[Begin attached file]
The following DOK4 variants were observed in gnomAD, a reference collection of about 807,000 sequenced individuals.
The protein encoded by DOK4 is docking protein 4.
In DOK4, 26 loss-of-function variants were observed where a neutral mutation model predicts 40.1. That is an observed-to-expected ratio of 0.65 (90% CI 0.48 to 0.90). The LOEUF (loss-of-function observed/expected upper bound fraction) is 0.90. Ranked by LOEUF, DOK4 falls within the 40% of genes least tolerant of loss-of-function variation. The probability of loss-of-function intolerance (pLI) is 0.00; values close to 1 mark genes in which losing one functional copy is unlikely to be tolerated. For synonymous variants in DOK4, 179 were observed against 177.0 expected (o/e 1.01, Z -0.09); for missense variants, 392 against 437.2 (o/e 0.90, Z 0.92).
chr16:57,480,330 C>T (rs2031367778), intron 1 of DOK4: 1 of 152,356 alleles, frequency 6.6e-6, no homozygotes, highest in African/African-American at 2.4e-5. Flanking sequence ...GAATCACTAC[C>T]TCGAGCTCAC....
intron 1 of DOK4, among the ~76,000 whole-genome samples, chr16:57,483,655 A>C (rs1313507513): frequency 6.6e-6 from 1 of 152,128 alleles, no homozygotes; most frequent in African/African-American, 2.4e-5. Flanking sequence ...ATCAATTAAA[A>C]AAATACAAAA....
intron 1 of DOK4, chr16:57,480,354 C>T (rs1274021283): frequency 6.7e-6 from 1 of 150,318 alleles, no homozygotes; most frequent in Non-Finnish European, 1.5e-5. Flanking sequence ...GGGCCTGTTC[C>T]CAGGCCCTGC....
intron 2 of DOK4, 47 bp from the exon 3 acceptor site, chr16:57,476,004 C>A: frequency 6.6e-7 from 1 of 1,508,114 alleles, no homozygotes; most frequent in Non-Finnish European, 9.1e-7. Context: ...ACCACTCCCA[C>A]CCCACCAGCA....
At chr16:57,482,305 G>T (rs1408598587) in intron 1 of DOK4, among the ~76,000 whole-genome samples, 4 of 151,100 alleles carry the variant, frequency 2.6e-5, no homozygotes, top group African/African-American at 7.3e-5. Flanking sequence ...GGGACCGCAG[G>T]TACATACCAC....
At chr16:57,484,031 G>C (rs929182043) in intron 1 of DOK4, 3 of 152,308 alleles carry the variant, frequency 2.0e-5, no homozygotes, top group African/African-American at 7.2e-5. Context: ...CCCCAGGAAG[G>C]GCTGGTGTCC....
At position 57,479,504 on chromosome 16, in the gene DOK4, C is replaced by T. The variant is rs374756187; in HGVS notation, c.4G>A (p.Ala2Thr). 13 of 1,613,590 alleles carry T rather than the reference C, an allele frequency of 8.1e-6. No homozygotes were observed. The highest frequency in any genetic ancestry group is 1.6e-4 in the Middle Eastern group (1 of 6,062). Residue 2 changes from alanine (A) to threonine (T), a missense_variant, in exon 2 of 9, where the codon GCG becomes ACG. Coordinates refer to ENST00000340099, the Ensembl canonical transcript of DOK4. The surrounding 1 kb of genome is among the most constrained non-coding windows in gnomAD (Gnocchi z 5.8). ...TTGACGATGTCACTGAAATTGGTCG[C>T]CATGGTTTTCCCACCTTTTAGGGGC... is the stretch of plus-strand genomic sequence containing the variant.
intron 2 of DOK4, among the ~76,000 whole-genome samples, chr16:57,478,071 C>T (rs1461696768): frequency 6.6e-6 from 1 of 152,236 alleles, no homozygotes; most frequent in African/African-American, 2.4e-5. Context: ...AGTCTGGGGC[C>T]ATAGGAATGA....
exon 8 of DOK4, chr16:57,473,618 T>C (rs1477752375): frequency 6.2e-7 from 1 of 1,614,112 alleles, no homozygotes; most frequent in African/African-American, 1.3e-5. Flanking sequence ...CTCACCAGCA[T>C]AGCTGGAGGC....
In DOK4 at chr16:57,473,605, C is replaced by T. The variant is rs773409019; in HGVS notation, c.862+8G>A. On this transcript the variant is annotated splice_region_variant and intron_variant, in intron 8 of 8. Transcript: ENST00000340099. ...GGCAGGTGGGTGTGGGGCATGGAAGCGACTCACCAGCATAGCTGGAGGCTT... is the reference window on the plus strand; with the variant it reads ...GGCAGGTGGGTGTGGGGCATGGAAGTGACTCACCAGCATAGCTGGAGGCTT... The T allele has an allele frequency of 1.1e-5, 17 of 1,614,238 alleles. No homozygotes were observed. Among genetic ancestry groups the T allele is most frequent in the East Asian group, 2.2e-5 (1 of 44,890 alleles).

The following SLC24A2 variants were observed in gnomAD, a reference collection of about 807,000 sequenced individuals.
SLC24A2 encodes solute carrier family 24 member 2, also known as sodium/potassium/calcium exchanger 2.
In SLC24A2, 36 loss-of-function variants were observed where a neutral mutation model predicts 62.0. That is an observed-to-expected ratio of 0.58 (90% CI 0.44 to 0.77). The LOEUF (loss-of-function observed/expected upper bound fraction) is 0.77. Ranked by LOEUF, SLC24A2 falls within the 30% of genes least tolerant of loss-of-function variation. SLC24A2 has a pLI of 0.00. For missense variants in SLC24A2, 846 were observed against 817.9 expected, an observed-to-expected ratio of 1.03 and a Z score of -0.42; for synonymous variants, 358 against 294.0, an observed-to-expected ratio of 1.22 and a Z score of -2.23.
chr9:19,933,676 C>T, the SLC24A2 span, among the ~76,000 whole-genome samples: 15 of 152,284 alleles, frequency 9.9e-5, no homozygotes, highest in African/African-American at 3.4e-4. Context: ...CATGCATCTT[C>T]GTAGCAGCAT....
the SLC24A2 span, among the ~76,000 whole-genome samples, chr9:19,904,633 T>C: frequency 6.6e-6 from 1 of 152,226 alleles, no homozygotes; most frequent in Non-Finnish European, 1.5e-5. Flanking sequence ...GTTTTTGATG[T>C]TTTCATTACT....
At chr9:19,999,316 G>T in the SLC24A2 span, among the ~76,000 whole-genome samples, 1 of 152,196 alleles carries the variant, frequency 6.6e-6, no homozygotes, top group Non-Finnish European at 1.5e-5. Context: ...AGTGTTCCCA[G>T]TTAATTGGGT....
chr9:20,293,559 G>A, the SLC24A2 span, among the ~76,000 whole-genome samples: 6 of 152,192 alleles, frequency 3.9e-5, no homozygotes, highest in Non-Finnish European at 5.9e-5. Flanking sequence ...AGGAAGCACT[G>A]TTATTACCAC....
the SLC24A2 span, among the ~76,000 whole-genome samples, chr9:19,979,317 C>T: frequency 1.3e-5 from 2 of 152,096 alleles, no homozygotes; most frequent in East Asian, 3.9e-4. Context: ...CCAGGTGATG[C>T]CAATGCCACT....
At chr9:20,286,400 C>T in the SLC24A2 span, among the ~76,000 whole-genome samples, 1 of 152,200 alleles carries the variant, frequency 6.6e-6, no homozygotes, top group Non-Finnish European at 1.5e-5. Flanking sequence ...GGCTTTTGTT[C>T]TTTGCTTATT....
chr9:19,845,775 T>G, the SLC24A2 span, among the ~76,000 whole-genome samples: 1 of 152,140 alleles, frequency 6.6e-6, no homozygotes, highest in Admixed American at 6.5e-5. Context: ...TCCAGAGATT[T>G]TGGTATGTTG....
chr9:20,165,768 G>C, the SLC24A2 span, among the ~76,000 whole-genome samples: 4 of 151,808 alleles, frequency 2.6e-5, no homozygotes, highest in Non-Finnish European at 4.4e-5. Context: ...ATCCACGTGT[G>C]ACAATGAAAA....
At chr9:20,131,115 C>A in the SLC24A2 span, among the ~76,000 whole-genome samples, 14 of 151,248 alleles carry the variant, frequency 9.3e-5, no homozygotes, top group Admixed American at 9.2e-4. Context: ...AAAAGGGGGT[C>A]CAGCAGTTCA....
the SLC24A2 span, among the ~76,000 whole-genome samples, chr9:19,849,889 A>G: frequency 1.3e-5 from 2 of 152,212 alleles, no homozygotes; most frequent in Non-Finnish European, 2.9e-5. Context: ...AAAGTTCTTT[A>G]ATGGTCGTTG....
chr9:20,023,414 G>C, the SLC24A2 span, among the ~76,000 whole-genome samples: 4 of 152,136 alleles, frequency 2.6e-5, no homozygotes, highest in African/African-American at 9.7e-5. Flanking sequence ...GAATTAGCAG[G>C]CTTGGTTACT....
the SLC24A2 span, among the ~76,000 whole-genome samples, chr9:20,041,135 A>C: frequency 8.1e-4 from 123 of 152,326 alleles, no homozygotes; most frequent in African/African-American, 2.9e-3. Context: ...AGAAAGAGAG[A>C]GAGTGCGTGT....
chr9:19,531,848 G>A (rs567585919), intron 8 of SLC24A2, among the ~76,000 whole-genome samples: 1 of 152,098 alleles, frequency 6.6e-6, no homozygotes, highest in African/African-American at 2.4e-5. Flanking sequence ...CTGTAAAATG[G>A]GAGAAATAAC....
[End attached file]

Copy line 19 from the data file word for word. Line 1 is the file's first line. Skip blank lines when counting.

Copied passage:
At chr9:19,999,316 G>T in the SLC24A2 span, among the ~76,000 whole-genome samples, 1 of 152,196 alleles carries the variant, frequency 6.6e-6, no homozygotes, top group Non-Finnish European at 1.5e-5. Context: ...AGTGTTCCCA[G>T]TTAATTGGGT....